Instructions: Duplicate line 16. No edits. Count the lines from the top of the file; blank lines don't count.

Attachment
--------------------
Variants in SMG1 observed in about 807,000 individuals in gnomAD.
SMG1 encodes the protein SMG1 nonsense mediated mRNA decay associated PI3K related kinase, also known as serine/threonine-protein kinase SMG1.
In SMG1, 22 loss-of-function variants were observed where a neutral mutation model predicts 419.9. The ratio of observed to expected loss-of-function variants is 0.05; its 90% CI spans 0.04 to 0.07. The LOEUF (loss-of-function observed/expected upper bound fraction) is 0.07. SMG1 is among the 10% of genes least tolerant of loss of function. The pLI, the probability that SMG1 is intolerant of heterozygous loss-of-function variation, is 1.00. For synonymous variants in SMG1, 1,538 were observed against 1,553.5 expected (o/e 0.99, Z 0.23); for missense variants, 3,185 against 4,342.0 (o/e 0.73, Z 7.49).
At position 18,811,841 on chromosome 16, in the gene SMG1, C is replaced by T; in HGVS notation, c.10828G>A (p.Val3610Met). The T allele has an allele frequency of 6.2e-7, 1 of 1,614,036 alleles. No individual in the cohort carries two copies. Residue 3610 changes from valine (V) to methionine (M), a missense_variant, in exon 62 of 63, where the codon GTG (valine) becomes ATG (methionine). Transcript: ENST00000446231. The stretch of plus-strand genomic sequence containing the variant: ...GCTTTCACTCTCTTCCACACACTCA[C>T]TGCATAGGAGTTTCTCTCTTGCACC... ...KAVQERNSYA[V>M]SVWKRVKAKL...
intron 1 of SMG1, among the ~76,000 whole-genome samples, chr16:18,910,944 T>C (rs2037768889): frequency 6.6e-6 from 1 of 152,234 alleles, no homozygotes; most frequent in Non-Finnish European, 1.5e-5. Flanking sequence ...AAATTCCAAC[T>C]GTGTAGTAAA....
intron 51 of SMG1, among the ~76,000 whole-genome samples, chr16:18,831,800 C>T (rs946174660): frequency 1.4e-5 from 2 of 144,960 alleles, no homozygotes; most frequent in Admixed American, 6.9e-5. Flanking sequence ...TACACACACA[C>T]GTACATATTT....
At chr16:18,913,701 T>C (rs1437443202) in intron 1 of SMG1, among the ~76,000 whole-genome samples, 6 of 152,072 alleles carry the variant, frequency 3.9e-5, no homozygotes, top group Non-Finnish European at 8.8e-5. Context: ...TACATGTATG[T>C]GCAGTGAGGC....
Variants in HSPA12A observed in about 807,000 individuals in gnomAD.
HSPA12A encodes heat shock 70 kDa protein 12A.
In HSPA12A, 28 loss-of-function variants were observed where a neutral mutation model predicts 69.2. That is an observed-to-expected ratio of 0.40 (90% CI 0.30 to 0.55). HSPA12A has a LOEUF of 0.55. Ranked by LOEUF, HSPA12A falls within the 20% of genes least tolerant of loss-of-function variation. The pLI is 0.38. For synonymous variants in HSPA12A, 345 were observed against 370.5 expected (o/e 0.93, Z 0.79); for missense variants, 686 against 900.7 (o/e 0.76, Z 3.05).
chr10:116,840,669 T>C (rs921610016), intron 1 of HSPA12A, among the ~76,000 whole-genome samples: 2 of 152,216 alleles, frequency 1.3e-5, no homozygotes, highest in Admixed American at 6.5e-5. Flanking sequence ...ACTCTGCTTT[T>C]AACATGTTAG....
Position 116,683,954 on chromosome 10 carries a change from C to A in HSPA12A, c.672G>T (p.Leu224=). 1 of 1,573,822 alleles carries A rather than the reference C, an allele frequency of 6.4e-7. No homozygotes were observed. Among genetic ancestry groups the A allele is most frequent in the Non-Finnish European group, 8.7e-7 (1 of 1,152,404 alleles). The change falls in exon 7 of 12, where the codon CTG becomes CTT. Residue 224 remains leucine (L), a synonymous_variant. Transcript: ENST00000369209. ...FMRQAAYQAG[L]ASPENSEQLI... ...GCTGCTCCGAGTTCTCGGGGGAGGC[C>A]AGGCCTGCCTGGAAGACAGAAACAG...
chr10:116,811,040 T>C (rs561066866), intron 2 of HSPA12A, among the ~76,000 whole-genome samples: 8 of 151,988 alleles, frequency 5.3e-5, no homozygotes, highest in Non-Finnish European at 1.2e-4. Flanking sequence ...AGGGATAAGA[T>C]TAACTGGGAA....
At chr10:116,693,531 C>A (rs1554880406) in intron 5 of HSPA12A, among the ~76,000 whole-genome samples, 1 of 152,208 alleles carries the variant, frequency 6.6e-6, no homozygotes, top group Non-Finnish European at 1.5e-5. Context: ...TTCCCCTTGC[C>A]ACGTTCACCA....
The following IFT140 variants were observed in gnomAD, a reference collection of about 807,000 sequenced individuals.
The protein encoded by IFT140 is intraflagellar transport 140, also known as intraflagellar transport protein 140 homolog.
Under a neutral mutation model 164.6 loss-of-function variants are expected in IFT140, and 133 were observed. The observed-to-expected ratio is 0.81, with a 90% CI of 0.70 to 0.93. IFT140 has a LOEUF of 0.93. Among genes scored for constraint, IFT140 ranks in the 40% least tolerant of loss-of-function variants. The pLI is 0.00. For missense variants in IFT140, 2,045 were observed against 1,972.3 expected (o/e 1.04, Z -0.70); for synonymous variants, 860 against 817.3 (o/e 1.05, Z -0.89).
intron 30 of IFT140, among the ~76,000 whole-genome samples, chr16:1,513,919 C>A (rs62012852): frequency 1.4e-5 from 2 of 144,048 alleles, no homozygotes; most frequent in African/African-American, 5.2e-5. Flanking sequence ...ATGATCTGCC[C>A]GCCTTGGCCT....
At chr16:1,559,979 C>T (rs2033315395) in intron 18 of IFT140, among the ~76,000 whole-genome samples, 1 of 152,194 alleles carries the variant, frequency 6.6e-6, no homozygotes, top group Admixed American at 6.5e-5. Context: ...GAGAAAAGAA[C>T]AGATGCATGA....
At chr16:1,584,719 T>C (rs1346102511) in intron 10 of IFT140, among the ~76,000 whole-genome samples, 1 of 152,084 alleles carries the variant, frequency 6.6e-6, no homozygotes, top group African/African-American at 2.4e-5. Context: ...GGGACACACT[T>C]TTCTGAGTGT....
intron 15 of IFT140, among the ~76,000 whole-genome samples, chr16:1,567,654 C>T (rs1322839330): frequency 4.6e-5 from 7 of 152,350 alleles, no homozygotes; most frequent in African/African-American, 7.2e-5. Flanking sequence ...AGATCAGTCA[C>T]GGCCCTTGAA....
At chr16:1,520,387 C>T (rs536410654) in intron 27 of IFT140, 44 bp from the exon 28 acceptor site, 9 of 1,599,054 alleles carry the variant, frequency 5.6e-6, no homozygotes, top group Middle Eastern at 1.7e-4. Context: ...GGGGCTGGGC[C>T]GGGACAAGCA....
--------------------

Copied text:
The protein encoded by IFT140 is intraflagellar transport 140, also known as intraflagellar transport protein 140 homolog.